The purpose of this chapter is to remind the reader and call them to reflect about the three fundamental roots of the Islamic faith, namely the doctrines of monotheism, Prophethood and Resurrection. In its first part, the chapter confirms and describes the divine revelation received by the Prophet (peace be upon him and his family). In the second part, it asserts God’s Unity and Oneness and sharply condemns the worship of idols and the association of partners to Him. In this segment, it also proclaims God’s dominion over all creation and its affairs including humankind’s life, its death, its joys, its sorrows, its prosperity, its satisfaction, its destruction, its chastisement, its call to Heaven and its warning from the Hellfire. In the third and final part, the discourse concludes by referring to the inevitability of Resurrection and commands the reader to prostration and worship.
The context of the verses of this chapter show that it is Meccan. For this reason, the claim made by some that this chapter is Medinan, in part or in whole, cannot be accepted. Some have said that Surah al-Najm is the first chapter read publicly by the Prophet before an audience of both believers and disbelievers. Note that this chapter contains some of the cardinal Quranic verses, namely:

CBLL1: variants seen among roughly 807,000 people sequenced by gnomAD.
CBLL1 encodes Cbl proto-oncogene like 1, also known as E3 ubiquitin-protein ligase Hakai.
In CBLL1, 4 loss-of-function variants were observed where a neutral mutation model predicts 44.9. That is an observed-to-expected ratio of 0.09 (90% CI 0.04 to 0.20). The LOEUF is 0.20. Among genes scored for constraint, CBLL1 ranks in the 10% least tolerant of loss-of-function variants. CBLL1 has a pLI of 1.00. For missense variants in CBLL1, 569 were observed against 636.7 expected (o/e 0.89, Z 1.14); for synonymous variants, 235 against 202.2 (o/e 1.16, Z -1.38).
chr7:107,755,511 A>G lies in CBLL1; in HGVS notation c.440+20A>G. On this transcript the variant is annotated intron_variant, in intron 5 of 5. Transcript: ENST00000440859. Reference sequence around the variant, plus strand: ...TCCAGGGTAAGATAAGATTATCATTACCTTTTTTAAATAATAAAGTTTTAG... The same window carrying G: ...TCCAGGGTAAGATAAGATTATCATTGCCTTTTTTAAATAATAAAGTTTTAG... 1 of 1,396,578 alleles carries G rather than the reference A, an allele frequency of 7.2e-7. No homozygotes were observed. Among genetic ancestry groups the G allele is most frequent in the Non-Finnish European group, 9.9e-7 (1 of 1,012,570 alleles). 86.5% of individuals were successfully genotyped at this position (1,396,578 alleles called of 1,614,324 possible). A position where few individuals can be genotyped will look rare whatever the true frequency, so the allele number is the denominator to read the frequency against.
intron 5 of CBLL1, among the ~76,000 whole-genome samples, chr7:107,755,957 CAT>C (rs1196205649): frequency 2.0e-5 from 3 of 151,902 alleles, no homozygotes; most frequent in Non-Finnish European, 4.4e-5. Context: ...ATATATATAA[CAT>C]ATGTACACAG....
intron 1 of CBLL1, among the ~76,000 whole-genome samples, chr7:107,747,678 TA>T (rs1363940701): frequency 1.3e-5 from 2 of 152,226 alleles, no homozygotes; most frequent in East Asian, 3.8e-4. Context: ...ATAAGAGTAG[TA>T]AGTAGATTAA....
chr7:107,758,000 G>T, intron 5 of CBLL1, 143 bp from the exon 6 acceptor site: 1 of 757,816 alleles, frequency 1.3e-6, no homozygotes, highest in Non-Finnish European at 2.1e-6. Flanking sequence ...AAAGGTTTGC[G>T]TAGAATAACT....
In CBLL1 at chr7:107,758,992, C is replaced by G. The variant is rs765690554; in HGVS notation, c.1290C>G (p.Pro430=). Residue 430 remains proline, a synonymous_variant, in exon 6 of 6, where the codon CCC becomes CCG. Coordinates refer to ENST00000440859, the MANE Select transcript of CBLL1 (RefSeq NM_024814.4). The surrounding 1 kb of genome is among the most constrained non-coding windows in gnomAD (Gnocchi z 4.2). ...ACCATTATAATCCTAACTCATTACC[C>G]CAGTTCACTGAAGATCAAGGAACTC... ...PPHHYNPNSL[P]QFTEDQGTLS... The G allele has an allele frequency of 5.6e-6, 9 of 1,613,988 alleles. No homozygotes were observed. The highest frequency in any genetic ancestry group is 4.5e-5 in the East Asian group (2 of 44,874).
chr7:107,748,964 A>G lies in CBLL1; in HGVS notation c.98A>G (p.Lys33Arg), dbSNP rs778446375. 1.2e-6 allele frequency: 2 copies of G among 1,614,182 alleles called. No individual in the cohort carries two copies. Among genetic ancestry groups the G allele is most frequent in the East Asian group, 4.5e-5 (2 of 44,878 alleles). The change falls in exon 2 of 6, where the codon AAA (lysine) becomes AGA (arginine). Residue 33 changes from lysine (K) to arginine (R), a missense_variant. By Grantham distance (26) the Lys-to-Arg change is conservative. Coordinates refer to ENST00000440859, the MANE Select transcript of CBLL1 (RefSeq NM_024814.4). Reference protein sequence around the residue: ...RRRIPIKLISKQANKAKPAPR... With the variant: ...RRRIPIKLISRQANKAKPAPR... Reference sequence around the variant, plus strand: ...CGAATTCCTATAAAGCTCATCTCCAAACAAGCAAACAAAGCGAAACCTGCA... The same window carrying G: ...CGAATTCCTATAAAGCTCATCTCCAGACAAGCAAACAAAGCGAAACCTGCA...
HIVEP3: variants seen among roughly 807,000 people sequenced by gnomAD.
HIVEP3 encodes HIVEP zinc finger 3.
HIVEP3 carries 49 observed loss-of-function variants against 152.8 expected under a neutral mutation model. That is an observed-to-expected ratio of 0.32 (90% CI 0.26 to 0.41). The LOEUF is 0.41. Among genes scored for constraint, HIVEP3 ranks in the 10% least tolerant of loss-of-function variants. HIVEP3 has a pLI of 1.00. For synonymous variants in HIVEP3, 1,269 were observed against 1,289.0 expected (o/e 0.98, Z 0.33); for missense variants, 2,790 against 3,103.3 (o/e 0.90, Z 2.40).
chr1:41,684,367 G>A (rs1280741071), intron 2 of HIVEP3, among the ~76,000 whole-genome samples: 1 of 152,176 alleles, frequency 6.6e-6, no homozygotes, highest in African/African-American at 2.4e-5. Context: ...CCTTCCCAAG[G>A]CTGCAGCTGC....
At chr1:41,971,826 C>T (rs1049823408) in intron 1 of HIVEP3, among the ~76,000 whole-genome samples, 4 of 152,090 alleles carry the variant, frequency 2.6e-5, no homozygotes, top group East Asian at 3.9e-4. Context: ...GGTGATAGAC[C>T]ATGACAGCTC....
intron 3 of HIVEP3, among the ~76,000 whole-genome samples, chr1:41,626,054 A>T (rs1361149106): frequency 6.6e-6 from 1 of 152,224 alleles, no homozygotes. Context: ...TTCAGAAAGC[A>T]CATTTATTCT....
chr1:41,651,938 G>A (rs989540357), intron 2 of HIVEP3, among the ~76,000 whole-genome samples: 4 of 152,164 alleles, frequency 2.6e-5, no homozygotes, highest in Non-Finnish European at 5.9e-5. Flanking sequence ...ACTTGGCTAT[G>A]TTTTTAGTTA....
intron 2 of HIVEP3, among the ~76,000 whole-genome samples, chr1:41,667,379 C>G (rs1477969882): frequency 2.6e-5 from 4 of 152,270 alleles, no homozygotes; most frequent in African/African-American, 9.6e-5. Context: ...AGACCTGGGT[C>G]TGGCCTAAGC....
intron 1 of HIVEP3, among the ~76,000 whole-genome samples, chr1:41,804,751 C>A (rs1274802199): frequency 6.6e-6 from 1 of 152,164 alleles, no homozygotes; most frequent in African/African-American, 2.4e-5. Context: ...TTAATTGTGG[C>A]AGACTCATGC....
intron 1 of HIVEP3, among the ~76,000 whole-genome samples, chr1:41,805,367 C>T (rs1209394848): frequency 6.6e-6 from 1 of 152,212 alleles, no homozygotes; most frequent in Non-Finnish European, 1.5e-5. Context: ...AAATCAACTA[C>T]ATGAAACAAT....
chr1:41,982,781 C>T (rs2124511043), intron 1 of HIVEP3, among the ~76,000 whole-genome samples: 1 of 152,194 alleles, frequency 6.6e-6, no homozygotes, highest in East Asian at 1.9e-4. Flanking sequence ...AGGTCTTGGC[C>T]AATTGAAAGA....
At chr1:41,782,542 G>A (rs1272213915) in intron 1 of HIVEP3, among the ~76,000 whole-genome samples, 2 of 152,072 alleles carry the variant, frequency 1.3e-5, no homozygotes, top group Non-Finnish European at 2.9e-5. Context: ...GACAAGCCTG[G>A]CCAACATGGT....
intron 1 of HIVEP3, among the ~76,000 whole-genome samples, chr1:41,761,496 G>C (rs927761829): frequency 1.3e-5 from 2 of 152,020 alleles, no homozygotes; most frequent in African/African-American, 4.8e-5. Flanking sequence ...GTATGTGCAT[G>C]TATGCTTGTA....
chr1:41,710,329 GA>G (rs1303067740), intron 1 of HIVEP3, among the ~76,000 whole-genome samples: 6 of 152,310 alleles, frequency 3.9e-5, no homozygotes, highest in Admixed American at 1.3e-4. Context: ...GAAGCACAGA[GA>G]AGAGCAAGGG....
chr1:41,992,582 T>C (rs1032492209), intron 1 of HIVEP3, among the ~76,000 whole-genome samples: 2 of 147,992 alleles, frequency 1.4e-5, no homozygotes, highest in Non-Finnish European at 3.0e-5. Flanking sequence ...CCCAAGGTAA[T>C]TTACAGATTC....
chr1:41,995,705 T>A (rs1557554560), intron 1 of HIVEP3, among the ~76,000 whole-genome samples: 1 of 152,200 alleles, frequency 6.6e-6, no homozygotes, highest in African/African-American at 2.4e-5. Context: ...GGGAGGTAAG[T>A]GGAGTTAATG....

- and that the terminus is toward your Lord (53:42) and
- and that nothing belongs to man except what he strives for (53:39).
Verses 1 to 18 correspond to the first of the three parts of the chapter, as listed above. They are the verses that confirm and describe the divine revelation received by the Prophet. More specifically, there is an abundance of narrations from the Imams that particularize the revelation referred to by these verses to be that which was revealed from God to the Holy Prophet on the Night of Ascension (the nocturnal journey) in a most unmediated and personal way. Hence, these verses hold an account of the event of Ascension. Further, the apparent meaning of the verses clearly support the said narrations. More so, this understanding is also confirmed by sayings of a number of companions of the Prophet including Ibn Abbās, Anas, Abī Saʿīd al-Khidrī and others. Finally, while all exegetes have accepted that verses 1 to 18 do allude to the event of Ascension, they greatly disagreed in their interpretation of their words and sentences.